Thursday, July 19, 2012

Don't Open That Door! #5: El Vampiro aka The Vampire (1957)

Who knew that Mexican horror flicks from the 1950s could be so good? Okay, lots of people knew, but never mind that -- the point is that this weeks column over at PopMatters features 1957 Mexican vampire movie El Vampiro, known to us gringos as The Vampire. It's pretty great, and I had a grand old time writing it up for my series, Don't Open That Door! To wit:

"Good natured Marta returns to her home in Mexico’s remote Sierra Negra mountains to visit her sick aunt Eloise; circumstance throws her in with Enrique, a fellow traveler on the same road. Oddly, no one is there to meet her at the station, so she and Enrique bum a lift partway, then go on by foot. Little do they realize that they’re being trailed by a statuesque, black-clad woman who possesses unusual skills such as blinking in and out of existence and raising strong winds just by standing around. When Marta arrives at the house, things get even weirder when it becomes evident that Aunt Eloisa isn’t as sick as originally thought. Heck, she looks better than she has in years! But the real shocker is that Marta’s other beloved aunt, Maria Teresa, is in fact freshly dead and buried. Of course, around here, being “freshly dead and buried” means something slightly different from where the rest of us come from, but that’s another story. Or, hmm, maybe it isn’t."

You can read
the whole column here, and you really should, as there are a couple of clips to watch that give a nice feeling for the eerie spookiness (or is it the spooky eerieness?) of the whole enterprise. Plus of course a few jokes and giggles.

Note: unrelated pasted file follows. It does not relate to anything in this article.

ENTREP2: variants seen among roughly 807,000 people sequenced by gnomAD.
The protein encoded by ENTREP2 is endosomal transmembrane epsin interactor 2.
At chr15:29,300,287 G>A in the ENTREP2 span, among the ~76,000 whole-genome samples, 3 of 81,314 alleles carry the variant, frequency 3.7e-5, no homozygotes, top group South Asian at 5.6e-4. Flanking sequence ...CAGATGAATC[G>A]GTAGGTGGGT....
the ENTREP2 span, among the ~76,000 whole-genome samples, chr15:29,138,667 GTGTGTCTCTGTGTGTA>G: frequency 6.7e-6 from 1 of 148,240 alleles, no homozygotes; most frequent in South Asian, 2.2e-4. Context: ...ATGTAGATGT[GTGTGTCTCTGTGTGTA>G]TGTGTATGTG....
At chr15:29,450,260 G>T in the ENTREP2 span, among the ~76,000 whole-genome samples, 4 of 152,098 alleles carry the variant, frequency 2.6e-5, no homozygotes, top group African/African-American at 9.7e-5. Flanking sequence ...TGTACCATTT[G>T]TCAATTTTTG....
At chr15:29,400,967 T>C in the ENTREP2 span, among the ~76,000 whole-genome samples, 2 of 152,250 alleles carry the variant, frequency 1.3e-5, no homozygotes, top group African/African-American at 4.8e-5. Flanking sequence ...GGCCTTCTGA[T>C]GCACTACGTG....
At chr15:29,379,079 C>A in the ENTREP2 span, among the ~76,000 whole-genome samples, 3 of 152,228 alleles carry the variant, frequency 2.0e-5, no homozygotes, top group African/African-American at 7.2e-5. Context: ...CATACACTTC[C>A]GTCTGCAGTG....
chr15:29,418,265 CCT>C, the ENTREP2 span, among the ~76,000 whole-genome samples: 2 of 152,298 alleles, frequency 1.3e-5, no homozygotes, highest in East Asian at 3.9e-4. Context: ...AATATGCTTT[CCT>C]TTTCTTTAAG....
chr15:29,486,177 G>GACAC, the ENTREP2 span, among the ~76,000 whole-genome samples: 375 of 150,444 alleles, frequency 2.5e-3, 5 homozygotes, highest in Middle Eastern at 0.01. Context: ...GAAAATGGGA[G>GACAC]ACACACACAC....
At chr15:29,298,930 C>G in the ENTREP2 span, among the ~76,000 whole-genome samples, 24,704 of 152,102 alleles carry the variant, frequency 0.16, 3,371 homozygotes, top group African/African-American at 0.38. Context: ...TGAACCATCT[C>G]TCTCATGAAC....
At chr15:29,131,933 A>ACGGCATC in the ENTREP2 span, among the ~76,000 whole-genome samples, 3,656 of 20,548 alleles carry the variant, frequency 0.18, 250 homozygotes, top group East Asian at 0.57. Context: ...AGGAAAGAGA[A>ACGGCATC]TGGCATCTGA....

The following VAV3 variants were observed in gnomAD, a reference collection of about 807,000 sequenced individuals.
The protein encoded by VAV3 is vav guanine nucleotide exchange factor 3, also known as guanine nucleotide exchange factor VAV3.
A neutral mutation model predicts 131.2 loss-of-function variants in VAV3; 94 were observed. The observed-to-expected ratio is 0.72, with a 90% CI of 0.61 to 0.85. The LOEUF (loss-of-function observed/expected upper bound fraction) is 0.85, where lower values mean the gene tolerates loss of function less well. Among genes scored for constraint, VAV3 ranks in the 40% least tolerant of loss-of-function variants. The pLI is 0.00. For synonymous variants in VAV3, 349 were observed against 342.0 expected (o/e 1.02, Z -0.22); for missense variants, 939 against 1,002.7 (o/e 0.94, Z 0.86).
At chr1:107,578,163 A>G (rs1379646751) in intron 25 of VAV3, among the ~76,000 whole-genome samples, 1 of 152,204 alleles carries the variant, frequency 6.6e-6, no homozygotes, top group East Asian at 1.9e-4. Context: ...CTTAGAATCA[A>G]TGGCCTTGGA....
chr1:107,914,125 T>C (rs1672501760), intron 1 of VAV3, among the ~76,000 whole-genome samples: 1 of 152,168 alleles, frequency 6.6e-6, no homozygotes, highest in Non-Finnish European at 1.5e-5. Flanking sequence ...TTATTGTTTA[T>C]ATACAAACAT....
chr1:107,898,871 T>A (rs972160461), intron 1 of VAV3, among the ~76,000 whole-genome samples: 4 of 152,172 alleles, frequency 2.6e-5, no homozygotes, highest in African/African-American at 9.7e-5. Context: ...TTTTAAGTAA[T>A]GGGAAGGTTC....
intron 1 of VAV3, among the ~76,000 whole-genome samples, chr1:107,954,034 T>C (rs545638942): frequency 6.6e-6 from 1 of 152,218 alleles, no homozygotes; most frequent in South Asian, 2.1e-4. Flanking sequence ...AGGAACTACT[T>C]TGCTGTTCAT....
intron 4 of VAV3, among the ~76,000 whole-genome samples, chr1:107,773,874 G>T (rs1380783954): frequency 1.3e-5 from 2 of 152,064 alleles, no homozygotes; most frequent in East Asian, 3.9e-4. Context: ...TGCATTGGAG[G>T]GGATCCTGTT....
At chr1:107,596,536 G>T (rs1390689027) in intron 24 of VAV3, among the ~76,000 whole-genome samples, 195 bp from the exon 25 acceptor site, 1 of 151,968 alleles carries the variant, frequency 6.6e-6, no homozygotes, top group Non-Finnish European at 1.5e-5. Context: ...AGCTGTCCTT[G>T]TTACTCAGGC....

As ever, if you find yourself enjoying yourself, please hit the Facebook Like icon, and/or Tweet it or G+ it etc. The more this kind of thing happens, the longer I'll be allowed to play in the sandbox, which is all I ever really wanted to do anyway.

Someday I'll  sit down and try to figure out why iexactly vampires are so perennially popular. It's kind of a mystery to me. As far as movie monsters go, they're probably my least favorite, but obviously, their appeal is widespread and long-lasting. Any thoughts on this are welcome.

Wednesday, July 18, 2012

Wooden Shjips in-studio live performance

KEXP, Seattle, August 2011. Old guys rule!

Don't ask me about the spelling, though.

Tuesday, July 17, 2012

"A touchingly human reminder that scar tissue isn't always visible"

Sorry I haven't been posting these last couple days. I've been--you guessed it--packing.

Meanwhile, the reviewers over at Publishers Weekly were kind enough to read An Age of Madness, and then kind enough to write a review that makes it sound like it might be worth reading--but they weren't quite kind enough to avoid the old sting-in-the-tail method of dropping in a last-minute comment to the effect of, "Oh, and it also kind of sucks." To wit:

"Psychiatrist Regina Moss comes on strong in this compassionate, imperfect novel of the surprising, halting ways that the heart and mind heal after tragedy."

(That sounds pretty good, doesn't it? "Surprising" is always nice, and "halting," under the right circumstances, can be mighty effective.)

"Regina works at a 'holding tank for public-sector mentally ill' in a Massachusetts hospital where the afflicted patients’ suffering and symptoms mirror her own troubles, despite her strenuous efforts to keep the effects of personal tragedy at bay through mordant wit and a clinical remove."

(All promising so far. "Mordant wit and clinical remove" ? Sign me up!)